I just got back from cooling off in the summer weather of Ireland. It really is a beautiful place, and even if it rains often, it doesn't rain hard. Also, the people are friendlier there than I'm used to when traveling. Here are some highlights of the first week:
I arrived in Dublin on Sunday, June 29. But due to jet lag, I hardly remember that day. Troy arrived the day before and settled into the hotel near the University College Dublin where his archaeological conference was being held.
On Monday, I walked into the City Centre to see the sites... pictured below is the Dublin Castle, which is now a government building.
On Tuesday, I took the DART train up to Malahide to tour a castle (photo below) that had been inhabited by the same family from 1189 until the 1970's. The castle itself was not so impressive, but the idea of a family keeping their residence for 800 years blew my mind. The little town was more of a suburb than a town, so I hopped back on the Dart and went to the next town...
This is Howth, a fishing village on the north end of Dublin. I took a great hike out to the far point of the peninsula where I'm told you can see right back to Dublin when it isn't so foggy.
On Wednesday, the archaeological conference took us both on a tour of some ancient sites to the north of Dublin. We first went to some burial mounds at Knowth (next 2 photos). These mounds are 5000 years old and are constructed with a long passageway that is aligned with the sun only on the winter solstice. During that day, we also saw the site of the Battle of the Boyne and a monastery/abbey with the counrty's tallest high cross (a carved stone cross). We ended the day at Newgrange, a very large passage tomb.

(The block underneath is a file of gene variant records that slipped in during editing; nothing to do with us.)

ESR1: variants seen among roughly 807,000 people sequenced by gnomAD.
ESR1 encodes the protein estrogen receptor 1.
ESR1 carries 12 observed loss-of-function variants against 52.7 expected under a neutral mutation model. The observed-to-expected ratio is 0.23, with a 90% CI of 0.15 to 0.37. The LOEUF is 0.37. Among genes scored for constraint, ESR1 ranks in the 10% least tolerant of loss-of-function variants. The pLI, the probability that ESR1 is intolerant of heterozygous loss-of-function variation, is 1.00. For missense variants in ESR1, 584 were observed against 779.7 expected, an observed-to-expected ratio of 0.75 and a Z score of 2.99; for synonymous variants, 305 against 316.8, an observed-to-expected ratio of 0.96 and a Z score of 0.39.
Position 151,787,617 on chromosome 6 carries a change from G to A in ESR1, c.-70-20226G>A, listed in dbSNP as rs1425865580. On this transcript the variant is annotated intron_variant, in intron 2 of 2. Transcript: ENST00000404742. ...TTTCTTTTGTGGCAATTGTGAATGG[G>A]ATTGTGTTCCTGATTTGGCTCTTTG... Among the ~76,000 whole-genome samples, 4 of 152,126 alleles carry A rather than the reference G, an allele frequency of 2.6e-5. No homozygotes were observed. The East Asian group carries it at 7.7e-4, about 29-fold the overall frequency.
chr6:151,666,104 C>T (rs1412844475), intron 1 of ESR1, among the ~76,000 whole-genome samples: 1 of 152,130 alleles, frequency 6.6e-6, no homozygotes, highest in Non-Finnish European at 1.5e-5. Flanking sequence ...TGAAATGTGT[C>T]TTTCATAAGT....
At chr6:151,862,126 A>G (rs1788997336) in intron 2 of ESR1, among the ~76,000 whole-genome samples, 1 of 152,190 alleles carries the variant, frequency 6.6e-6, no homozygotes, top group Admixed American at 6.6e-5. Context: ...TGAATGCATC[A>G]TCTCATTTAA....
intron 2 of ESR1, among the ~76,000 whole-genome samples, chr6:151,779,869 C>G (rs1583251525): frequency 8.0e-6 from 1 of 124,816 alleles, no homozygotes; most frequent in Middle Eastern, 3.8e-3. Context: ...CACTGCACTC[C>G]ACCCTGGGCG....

On Thursday, Troy still had the camera with him, which was somewhat useless at a conference. So I went into Dublin and only visited places where photography was forbidden. The Trinity College library has a great collection of medieval books all handmade on vellum and intricately decorated. I also went to the Dublin City Gallery of contemporary art with a great collection of impressionist paintings. It seemed that I also spent a good deal of time doing mundane things like checking train and bus schedules.
By Thursday, it was time to get out of Dublin for the day, so I took a bus tour to Wicklow with it's nice wilderness scenery. Pictured below is a bunch of land owned by the Guinness estate.
The next two photos are also from Wicklow. These are the ruins of a monastery at Glendalough.
Of course, not pictured is all the food and drink enjoyed during the week. The Irish in Dublin really do drink Guinness all the time. We enjoyed a full Irish breakfast (take a look at the photo in the link!) at our hotel each morning - fried eggs, fried ham, black and white pudding, sausages, tomatoes, beans, toast and coffee. Okay, I never ate the FULL breakfast... after trying the black and white the first day, I stayed away from the meat, and opted for yogurt, meusli and fruit.
After Dublin, we went to another side of the island, but I'll save that for another post.